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Canada’s dairy and poultry pricing hurts the poor

Milked and feathered

September 29, 2014 — 

Canada’s system of supply management for dairy and poultry industries increases the cost of living as a percent of income for poor households much more than for their richer counterparts, a new study reports.

The findings are reported in “Milked and Feathered: The Regressive Welfare Effects of Canada’s Supply Management Regime”, a forthcoming paper to be published in the journal Canadian Public Policy.

Authors Ryan Cardwell, Chad Lawley and Di Xiang, economists at the University of Manitoba, examined consumer food choices to assess the validity of a criticism of supply management: that high prices for dairy and poultry products impose regressive distributional effects on Canadian consumers.

They do.

“It is notable that all three national political parties staunchly support a system that impedes access to healthy foods, particularly for poor consumers,” Cardwell says. “Such a policy counteracts poverty-reduction measures and healthy-eating initiatives that are undertaken by various levels of government.”

The production and trade of dairy and poultry products in Canada are controlled by a system of supply management.  Output is regulated with production quotas, and imports are restricted through a system of tariff rate quotas.

Canada’s supply management system is earning more public attention since many of Canada’s trading partners, such as the European Union, are seeking better access to Canadian dairy and poultry markets in negotiations over proposed preferential trade agreements.  These pressures have renewed debate about the future of supply management in Canada.

The authors used data from the Statistics Canada Food Expenditure Survey to estimate consumer responses to price changes for dairy and poultry products.  These estimates were used to calculate the burden that supply management imposes on consumers at different income levels.  Canada’s supply management policies are highly regressive, imposing a burden of approximately 2.3% of income ($339) per year on the poorest households, which is almost five times as large as the 0.5% ($554) burden imposed on the richest households.  The burden is larger for households with children.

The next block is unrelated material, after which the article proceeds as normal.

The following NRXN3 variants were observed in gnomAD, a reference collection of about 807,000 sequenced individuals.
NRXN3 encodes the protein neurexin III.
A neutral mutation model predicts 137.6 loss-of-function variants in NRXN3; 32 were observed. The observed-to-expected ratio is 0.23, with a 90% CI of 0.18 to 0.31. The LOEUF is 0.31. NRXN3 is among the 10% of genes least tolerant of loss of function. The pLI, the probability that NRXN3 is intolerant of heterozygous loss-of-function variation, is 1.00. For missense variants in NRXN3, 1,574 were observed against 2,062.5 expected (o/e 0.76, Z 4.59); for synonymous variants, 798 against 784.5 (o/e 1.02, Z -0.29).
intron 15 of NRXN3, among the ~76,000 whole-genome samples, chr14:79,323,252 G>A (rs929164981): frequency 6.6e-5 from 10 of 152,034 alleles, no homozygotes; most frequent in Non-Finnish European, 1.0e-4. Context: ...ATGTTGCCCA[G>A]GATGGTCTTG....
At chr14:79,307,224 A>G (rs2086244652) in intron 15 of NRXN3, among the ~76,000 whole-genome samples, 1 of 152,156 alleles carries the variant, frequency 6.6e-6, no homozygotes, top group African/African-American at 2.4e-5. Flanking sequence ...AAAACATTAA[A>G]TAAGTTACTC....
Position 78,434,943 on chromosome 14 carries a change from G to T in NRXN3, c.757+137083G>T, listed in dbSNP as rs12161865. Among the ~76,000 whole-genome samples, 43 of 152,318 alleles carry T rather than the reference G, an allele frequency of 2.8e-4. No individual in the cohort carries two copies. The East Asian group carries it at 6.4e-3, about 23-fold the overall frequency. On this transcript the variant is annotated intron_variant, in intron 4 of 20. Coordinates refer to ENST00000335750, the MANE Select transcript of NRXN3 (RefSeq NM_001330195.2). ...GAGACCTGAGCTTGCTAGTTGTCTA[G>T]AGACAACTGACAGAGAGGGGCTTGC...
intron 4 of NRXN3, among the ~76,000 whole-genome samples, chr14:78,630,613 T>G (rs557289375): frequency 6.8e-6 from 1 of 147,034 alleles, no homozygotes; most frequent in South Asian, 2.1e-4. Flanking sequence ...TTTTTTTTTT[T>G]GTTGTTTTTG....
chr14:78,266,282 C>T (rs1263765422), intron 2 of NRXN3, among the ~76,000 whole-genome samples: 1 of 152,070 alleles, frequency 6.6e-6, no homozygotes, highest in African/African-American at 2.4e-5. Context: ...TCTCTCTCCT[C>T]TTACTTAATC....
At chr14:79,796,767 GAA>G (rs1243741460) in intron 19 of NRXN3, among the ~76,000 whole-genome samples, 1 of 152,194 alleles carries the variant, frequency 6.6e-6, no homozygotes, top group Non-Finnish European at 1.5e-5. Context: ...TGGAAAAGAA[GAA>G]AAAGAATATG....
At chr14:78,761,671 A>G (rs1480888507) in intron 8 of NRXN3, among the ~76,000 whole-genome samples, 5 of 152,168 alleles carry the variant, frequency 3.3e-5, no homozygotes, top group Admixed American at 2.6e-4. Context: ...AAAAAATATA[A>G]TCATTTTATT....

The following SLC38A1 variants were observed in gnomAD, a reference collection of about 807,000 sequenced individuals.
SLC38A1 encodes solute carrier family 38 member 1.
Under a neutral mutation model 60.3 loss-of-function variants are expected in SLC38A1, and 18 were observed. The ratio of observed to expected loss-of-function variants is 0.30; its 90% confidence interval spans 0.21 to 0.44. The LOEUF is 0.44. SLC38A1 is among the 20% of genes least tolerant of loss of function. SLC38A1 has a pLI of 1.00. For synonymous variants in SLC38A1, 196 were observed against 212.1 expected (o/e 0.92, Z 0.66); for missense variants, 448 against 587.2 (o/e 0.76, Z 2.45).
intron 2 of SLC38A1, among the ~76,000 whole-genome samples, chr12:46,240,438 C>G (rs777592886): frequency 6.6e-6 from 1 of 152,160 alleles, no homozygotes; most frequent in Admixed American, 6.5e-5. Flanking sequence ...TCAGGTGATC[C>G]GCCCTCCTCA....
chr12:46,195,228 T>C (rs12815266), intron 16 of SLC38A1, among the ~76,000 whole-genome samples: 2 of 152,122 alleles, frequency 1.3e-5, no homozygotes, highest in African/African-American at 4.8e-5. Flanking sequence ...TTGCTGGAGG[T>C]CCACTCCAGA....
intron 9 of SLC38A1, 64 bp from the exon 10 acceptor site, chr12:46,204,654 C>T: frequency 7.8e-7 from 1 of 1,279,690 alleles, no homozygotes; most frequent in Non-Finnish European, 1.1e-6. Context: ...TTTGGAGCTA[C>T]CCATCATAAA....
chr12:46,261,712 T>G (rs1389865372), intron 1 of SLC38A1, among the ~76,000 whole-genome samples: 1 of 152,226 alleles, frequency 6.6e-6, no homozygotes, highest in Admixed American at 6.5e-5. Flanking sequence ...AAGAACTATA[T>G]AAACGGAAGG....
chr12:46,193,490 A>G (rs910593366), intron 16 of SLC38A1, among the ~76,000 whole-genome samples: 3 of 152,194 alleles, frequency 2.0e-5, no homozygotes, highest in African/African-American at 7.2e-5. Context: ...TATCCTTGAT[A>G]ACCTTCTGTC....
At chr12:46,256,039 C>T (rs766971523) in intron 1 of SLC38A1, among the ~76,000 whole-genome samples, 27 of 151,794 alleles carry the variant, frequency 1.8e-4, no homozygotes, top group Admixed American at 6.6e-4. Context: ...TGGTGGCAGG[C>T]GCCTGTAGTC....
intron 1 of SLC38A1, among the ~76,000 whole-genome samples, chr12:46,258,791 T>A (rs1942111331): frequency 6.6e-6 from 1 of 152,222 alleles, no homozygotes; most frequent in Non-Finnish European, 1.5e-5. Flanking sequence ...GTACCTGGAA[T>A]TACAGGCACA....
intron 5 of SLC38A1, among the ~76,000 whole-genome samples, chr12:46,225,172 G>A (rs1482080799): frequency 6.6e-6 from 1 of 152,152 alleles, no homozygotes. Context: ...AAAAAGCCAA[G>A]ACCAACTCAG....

For more information contact Sean Moore, Marketing Communications Office, University of Manitoba, 204-474-7963.


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One comment on “Canada’s dairy and poultry pricing hurts the poor

  1. Carla Roppel

    Dear Editor;

    This is a narrowly defined and somewhat narrow-minded analysis that reeks of scientific reductionism. It is convenient to focus only on a portion of the food system toward which these researchers appear to demonstrate a negative bias. I would challenge them to consider the relative effects on poor vs rich families for questions such as:

    Did these researchers analyze the Statistics Canada Food Expenditure Survey to estimate consumer responses to price changes for (for example) beef and pork, or fresh fruit and vegetables?

    Did they use those estimates to calculate the burden that unregulated supply imposes on consumers at different income levels?

    What did they concludes about the regressivity and imposition of annual financial burdens of pricing changes in those food groups on the poorest households?

    How much larger is the resulting financial burden on the poorest rather than the richest households?

    How do the economic burdens between poor and rich families compare, whether with children or not?

    Finally, responsible readers must consider whether consumer prices for various food products track the prices paid to farmers For example, it is likely that beer prices will rise this because supplies of malting barley are low and therefore selling at high prices. At the same time, however, wheat prices are at an all-time low. Will we see lower bread prices as a result?

    An economic model that allows one farm sector to recover production costs and earn a decent income does not make that system problematic. Instead, it should illuminate the real problem. Our food system operates on an economic model that has effectively decoupled the prices paid to farmers from the prices that consumers pay. The effects are relentless; consumer prices rise, producer prices decline and corporations skim profits at every added step along the way.

    Please put research in its whole context. It serves no one to cherry pick pieces of a system that give you the answers you (or your financial masters) prefer.

    CJ Roppel

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